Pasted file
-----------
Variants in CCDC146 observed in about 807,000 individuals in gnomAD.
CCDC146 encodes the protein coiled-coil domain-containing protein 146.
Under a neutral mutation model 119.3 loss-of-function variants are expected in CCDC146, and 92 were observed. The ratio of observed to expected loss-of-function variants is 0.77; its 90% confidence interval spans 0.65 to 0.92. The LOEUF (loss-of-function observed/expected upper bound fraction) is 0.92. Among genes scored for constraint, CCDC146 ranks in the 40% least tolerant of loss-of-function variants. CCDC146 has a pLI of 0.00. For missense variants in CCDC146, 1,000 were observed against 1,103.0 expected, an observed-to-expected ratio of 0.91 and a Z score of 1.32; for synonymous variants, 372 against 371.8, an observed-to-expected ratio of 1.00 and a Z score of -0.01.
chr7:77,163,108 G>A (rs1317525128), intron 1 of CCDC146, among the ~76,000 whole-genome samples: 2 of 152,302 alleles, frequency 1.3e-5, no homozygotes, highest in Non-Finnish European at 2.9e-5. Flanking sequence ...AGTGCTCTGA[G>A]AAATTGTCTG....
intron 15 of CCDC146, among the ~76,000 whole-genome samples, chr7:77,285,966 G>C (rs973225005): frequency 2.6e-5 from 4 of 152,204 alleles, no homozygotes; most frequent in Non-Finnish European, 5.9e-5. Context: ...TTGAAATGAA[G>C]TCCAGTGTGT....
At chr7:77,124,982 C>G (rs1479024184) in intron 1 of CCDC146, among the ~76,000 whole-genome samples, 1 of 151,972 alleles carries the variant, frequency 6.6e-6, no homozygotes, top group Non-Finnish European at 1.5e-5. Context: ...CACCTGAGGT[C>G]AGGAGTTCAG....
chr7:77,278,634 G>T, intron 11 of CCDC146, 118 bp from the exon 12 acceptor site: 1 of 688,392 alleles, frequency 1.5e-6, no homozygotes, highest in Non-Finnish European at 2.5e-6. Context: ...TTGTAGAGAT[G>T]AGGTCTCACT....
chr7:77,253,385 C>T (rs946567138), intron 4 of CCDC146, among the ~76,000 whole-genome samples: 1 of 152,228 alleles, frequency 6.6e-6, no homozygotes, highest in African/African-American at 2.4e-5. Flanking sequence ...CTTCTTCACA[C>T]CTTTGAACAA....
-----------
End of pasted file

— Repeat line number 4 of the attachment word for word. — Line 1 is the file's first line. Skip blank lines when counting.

chr7:77,163,108 G>A (rs1317525128), intron 1 of CCDC146, among the ~76,000 whole-genome samples: 2 of 152,302 alleles, frequency 1.3e-5, no homozygotes, highest in Non-Finnish European at 2.9e-5. Flanking sequence ...AGTGCTCTGA[G>A]AAATTGTCTG....